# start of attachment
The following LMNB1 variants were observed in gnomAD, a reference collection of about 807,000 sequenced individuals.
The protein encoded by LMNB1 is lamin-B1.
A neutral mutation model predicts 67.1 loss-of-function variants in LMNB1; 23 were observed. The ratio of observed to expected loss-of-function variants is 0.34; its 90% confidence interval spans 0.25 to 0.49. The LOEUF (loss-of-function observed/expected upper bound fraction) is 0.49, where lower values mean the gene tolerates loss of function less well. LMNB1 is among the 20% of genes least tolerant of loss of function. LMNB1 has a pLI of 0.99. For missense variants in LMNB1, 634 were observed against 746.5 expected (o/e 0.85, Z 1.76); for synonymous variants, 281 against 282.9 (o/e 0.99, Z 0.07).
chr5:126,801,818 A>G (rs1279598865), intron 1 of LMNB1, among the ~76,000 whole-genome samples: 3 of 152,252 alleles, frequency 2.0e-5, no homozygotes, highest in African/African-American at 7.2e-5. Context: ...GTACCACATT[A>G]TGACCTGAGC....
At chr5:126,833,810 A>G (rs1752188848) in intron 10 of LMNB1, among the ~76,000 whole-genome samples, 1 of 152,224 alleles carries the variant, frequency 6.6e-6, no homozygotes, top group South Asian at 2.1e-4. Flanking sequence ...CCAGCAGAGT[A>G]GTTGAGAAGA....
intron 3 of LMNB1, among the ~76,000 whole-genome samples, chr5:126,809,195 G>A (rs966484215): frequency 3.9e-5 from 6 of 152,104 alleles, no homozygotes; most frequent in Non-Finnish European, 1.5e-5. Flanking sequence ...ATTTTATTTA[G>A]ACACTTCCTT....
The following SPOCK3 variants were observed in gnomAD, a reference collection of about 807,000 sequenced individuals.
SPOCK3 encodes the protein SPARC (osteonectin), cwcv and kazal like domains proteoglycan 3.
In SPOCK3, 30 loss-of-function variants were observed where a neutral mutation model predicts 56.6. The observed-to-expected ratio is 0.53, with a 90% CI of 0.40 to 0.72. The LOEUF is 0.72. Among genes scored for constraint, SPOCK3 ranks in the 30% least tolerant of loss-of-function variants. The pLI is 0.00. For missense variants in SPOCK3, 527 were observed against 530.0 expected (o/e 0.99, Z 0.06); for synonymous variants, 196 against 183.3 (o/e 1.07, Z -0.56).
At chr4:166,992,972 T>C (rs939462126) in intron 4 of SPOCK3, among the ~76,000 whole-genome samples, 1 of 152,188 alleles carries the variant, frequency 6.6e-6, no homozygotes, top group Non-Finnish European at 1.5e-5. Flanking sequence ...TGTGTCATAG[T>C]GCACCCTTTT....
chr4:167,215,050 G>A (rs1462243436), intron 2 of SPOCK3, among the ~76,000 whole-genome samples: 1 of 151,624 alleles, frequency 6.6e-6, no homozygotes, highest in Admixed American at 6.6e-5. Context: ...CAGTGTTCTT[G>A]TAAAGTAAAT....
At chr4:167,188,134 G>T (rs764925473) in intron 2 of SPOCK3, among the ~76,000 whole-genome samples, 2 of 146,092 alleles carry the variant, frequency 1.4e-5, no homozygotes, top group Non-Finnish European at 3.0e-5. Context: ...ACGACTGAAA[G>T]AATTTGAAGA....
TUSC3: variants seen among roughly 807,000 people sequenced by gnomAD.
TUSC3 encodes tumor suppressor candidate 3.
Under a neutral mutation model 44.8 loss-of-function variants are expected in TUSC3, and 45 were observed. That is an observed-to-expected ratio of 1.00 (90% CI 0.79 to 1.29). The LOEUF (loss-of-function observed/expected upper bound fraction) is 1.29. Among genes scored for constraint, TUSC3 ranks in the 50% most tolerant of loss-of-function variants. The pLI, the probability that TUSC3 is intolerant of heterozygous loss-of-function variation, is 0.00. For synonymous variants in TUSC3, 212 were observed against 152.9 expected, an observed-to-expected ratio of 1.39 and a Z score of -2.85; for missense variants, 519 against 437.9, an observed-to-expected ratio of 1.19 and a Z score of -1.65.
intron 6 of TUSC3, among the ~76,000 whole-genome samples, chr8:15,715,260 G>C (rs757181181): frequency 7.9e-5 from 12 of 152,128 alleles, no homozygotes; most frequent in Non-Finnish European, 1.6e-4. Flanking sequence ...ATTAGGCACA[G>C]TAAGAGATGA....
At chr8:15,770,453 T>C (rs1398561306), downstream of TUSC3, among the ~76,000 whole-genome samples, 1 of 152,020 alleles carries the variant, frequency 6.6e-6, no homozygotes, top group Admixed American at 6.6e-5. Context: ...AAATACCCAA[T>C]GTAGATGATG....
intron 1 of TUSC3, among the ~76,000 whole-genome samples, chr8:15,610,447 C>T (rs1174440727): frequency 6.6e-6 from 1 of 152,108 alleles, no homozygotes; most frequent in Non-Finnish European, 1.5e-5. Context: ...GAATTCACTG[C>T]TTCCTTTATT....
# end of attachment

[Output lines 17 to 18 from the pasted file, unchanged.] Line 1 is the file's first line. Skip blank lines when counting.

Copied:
At chr8:15,770,453 T>C (rs1398561306), downstream of TUSC3, among the ~76,000 whole-genome samples, 1 of 152,020 alleles carries the variant, frequency 6.6e-6, no homozygotes, top group Admixed American at 6.6e-5. Context: ...AAATACCCAA[T>C]GTAGATGATG....
intron 1 of TUSC3, among the ~76,000 whole-genome samples, chr8:15,610,447 C>T (rs1174440727): frequency 6.6e-6 from 1 of 152,108 alleles, no homozygotes; most frequent in Non-Finnish European, 1.5e-5. Context: ...GAATTCACTG[C>T]TTCCTTTATT....